Since I started telling a story, I should tell you the end. The man in question is involved with someone else, a fact that I discovered several weeks later and then too only on pushing him. That can happen. He says he wasn’t sure if it was dates or just friendly meetings. What the truth is, is anyone’s guess. Should one take the risk of being stood up or humiliated? There’s no answer to that, except that guys do it all the time (take the risk I mean, not just what this guy did).
As I see it, being the woman taking charge means one is playing an unusual role and there’s ample scope to be misunderstood. If the guy is a jerk, he could easily use the situation for maximum benefit and get a lot out of the girl without giving her anything back. But then again, falling in love is always a risk, every time, in every single situation. Besides the reverse is probably equally true, especially in today’s day and age. A woman can just as easily free-ride on a guy’s attentions and then walk away without a second thought.
So at the end I’m inclined to say that if you have the nerve for it, don’t let social norms stop you. If you’re a guy who agrees with what my male friends said, try not to be an ass or a jerk about it. In the long run, it’ll encourage more women to take the initiative and things will only get easier and pleasanter for you. If like me, you’re a woman who can’t stand to sit around looking pretty and waiting to be asked out, go right into the chase. Just keep your band-aids and chocolates and close friends about. Just in case.
I wasn’t a pretty child. Oily skin, stringy hair, gangly long limbs. Then puberty came along, and like a fairy godmother, bestowed me with a complete makeover. Suddenly I had the passport into BabeLand.
That was an eon ago, long enough anyway to make me wonder whether the fairy godmother was really a wicked witch in disguise…such is the two-sidedness of her gift. Let me explain.
The love of my life was my dearest friend for many years. Then we got together and shortly afterwards broke up. It was a shattering experience and the final knife in my heart was his parting shot,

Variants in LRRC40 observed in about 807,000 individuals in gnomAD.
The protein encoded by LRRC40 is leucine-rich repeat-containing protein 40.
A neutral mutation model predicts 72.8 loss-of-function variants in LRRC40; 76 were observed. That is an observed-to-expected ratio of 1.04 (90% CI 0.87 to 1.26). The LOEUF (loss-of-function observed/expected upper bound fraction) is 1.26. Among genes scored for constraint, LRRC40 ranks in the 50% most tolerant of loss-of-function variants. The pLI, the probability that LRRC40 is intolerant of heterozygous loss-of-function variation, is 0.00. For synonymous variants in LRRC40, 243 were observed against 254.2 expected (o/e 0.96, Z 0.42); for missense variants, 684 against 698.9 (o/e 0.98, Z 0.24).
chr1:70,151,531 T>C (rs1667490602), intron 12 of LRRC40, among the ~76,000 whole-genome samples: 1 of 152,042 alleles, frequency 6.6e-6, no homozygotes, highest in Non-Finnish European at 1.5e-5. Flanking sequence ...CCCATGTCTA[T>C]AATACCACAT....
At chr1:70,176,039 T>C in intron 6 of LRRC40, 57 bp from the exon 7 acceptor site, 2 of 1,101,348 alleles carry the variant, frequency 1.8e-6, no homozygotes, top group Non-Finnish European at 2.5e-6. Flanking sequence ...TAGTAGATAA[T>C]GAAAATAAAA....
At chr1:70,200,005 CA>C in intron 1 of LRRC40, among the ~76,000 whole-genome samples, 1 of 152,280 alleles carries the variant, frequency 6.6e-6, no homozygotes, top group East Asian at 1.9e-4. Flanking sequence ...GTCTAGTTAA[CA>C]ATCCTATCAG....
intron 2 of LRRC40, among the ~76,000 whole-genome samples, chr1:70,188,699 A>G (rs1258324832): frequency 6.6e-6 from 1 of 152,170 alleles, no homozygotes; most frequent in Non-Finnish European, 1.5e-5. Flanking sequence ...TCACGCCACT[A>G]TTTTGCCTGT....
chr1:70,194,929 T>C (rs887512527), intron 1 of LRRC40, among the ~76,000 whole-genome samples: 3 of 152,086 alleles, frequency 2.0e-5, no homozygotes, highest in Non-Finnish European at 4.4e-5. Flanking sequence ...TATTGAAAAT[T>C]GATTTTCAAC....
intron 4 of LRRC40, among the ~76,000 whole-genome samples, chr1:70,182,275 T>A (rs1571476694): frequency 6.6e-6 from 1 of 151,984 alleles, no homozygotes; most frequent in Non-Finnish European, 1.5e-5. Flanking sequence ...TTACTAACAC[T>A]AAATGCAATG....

“Someday you’ll make some guy really happy…in bed.”
With that one statement he had reduced over six years of warmth and affection, of loyalty and empathy, of buried pride and caring gestures to something as frivolous and fleeting as my body. It still haunts me.
Another time, my best friend who is one of those few people who was born beautiful, was at the receiving end of the attentions of a guy I knew well. She didn’t reciprocate and so didn’t bother prolonging the conversation with me. Later, I heard him complaining about what a frigid ice queen she was. I found myself chiding him with,
“You know that’s not true. I could never be friends with someone like that. She’s just reserved, that’s all.”
He shrugged and in a rare moment of honesty admitted,
“I suppose so. But no guy likes taking no for an answer. And if the girl is good-looking, it’s even more of incentive to bitch about what a cold creature she is.”
I’ve had a chance to speak to someone I almost dated a few years ago. Almost I say because he ended it before it had begun, so to speak. Recently we got talking about the times back then. He said,
“I thought you were very attractive and I was tempted to give it a shot. But I knew it wouldn’t go anywhere so I decided not to. It wouldn’t have been fair on you.”
I always held him in high esteem and my regard for him grew even further after this conversation.
And for my final story there’s someone else who I’ve gone out with a few times. I discovered that he is already in some sort of relationship. When I pushed him, he admitted to it. I was left in a quandary when he told me,
“I think you’re attractive. You are quite hot, you know. At least I didn’t kiss you or something.”
Yes, I am deeply grateful for that. But the fact remains that I am left feeling a tad humiliated as well as quite insulted.
There’s a pattern I see in all of the above. Except for my wise never-boyfriend friend, all the other men have treated women as desirable objects, strong temptations. There’s a part of me, my vain, feminine side that basks in such glorious admiration. Unfortunately that’s only a part of me. I’m more than my face and my body and my sex appeal. What none of these men seem to have considered is that the woman, regardless of how hot she is, has actual emotions like any other human being. It seems basic but why don’t they get it?
A pretty face does not insulate you from being hurt. A great body does not protect you from feelings of rejection, abandonment and humiliation. My looks are not your excuse for bad behavior. And yet much of the bigger half of the population seems to think so.